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I'm designing some UI's for a product and we want to utilize jQuery and PHP. The content to generate is a list of checkboxes (10-100) that a user will be modifying (removing multiple at a time and changing the entries). I thought I'd try something new and ask StackOverflow (read: you) what is preferred: generate the html in the php call and return, or return JSON data that jQuery can than go and generate the html checkboxes using.

I appreciate the feedback! My preferred method so far is to let PHP generate html because it knows more about the data at the time of modification (it's interacting with the database and it could build the html easy enough without having to pass back id's, names, etc in JSON).

Thanks!

[Edit] Bandwidth is not a constraint. This is an internal intranet application. The information needing to be printed to the user will not require dom modification after the fact (outside of checkboxes, but that's built in to the browser...) some good points have been made on the amount of data that's being passed back though:

passing back

Label

vs. { "Label": "Unique_ID" }

is obviously a lot of redundancy.

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Where is the majority of your non-Ajax HTML developed? I might give different answers depending on if it's (a) written along with the PHP, in intermingled server-side code, or (b) well-separated from the PHP using a templating system, and written by a front-end developer who's also doing the jQuery. Sometimes the human factor can swing it, when there's an otherwise fairly arbitrary choice. –  Matt Gibson Oct 14 '10 at 19:13

3 Answers 3

up vote 4 down vote accepted

There's really no right/wrong way to do this. Passing JSON back, and then using client-site processing to turn that into HTML uses less bandwidth, but more local processing power. Passing HTML back, uses more bandwidth and less local processing (these are seriously minor points, only if you're talking extremely popular or frequently changing sites might it even be relevant).

Return Flexibility - HTML

One of the benefits to HTML passing is you can return anything if the request causes an error, or could generate different types of data you just return different HTML. If you're returning JSON, the parsing script has to deal with these alternate structures (ie error handling, and/or multiple structure parsing algorithms).

Local Processing - JSON

If you're localizing, sorting, or framing the data from the user's point of view, it may well be simpler to return JSON and then use client side scripts to interpret. For example when user=2, reporting "You" instead of "Mike" might be a nice personalization touch. You could do this server side, but now the script needs to take that into account, so the same query needs to return different data based on context (again not impossible). You can keep your server code more generic by using client side scripts to perform this.

Local Presenting - JSON

Perhaps a single command collects the data, but there's multiple parts of the page that should be updated with what's returned. With an HTML approach, you either need separate queries, or some sort of delimiter in your return (with escapes!), and a local processing script to decide what goes where... with a JSON approach, the local processing script can update the locations from the same single source as it's retrieved.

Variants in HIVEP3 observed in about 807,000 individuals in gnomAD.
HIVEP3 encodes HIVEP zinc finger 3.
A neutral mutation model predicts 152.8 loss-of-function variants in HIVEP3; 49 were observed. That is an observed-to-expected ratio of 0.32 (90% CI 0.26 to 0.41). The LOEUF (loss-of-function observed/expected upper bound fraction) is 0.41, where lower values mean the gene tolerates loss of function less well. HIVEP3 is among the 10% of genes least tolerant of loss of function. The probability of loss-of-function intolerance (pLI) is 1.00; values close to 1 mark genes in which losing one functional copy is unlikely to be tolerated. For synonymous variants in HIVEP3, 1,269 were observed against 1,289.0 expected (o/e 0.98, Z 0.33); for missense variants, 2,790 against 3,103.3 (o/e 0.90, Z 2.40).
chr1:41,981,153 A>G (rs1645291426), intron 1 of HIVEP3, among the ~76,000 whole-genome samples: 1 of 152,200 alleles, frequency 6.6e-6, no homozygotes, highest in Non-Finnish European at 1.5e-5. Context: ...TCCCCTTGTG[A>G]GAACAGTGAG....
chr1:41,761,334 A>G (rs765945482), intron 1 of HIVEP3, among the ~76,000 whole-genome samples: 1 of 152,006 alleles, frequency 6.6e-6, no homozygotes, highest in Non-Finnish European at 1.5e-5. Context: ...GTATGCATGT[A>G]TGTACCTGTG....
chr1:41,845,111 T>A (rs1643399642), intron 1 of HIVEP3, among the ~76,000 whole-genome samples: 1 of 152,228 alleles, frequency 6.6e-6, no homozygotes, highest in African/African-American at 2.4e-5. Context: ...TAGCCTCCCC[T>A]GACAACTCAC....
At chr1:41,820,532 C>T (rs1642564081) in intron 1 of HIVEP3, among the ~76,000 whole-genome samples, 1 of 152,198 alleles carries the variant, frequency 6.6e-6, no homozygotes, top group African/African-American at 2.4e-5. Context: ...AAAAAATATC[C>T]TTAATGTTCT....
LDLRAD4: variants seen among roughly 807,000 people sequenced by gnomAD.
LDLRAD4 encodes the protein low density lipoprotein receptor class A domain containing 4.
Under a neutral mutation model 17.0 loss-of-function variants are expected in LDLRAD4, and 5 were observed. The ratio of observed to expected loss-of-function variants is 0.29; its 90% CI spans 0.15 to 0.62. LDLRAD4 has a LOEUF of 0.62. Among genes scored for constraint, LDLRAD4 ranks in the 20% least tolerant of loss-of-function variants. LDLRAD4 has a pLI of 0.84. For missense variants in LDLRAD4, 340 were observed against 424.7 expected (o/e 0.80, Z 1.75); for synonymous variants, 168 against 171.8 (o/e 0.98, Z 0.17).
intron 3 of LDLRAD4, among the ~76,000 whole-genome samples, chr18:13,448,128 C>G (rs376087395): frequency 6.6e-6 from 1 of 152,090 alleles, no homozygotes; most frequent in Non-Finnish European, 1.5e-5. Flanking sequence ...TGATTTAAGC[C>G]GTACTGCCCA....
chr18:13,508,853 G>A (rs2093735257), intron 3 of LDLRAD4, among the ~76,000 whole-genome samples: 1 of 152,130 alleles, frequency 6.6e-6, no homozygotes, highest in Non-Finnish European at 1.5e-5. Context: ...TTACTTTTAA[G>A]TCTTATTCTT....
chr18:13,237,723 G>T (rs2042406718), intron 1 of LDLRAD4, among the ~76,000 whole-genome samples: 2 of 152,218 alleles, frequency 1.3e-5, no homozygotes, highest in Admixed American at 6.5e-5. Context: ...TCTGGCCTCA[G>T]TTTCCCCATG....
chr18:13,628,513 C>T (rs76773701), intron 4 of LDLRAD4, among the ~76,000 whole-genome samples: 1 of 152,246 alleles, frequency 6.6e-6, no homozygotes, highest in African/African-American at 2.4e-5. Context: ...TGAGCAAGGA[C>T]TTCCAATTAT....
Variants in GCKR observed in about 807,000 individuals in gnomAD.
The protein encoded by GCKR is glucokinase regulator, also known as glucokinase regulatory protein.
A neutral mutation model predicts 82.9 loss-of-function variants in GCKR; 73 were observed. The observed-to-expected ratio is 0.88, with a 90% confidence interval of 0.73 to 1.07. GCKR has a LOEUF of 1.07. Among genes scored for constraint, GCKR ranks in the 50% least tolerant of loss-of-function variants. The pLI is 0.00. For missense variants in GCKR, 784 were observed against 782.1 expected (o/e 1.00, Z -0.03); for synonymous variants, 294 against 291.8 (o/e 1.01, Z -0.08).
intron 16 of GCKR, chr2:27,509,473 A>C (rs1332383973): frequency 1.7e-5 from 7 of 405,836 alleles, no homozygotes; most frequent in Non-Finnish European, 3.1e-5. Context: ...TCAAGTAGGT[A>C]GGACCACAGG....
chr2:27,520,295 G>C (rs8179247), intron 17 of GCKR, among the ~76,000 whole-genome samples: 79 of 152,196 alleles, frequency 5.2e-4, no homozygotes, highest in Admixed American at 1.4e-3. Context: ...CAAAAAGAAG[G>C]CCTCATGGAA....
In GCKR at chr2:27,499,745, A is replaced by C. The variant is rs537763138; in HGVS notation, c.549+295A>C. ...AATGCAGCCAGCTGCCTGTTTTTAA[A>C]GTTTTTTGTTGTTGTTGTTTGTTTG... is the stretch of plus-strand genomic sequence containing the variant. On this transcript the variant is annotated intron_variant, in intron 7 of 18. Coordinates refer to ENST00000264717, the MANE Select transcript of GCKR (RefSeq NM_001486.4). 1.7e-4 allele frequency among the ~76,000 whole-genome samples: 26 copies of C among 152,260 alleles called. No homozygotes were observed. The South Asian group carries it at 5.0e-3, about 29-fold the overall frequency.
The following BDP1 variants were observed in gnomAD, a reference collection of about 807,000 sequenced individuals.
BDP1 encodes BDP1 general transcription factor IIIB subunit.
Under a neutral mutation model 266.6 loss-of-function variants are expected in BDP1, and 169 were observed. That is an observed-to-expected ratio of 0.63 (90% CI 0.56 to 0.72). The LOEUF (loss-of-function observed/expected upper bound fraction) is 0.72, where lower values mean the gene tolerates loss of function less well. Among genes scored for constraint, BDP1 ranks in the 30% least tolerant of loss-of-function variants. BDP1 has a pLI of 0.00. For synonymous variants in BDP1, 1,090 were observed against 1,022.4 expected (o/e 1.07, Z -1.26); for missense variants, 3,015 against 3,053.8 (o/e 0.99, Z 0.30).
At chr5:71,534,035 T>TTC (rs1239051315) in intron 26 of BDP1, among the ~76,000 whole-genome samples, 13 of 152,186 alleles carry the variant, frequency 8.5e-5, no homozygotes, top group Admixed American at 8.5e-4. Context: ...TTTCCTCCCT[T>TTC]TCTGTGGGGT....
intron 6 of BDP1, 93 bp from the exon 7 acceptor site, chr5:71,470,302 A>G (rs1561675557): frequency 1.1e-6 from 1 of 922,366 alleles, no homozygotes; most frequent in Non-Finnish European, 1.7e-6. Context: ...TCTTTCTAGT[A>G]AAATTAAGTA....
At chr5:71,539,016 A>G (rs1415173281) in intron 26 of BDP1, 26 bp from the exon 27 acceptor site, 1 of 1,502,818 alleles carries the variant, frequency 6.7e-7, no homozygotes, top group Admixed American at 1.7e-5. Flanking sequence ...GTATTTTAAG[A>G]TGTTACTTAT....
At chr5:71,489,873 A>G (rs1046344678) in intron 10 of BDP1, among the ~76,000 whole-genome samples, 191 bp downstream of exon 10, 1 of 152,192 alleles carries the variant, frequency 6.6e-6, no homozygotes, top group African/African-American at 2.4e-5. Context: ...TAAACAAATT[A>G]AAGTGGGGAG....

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The answer is: it depends. If you are going to be doing DOM manipulation on the new data, then you pretty much have to append the elements using jQuery. If there is no such manipulation needed, then you can just print it out with php and add the blob.

I think that the latter is much easier and simpler, so if you don't need to do DOM manipulation on the elements, you can just add the html blob from php.

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You could approach the question both from the aspect of server burden and in terms of client performance.

If your server is having to dynamically generate the HTML output for every user, it will endure a somewhat higher burden than if you delegated the content-generation to client-side JavaScript. Clients have abundant computing power at their disposal, so feel free to have them collectively shoulder the burden rather than having your server do all the work (which could easily add up, depending on how busy your server is).

Likewise, generating the HTML markup on the server results in a significantly larger page download for the client. The markup for a hundred check-boxes could easily add kilobytes to the size of the page, while the data itself--which is all you would send using the JSON approach--is much smaller. Of course, larger page downloads mean longer download times for the client. We as web developers often forget that there are still quite a few people who still have dial-up internet connections.

For these reasons, I would personally opt for sending the data via JSON and doing DOM-modification via JavaScript.

Cheers, Josh

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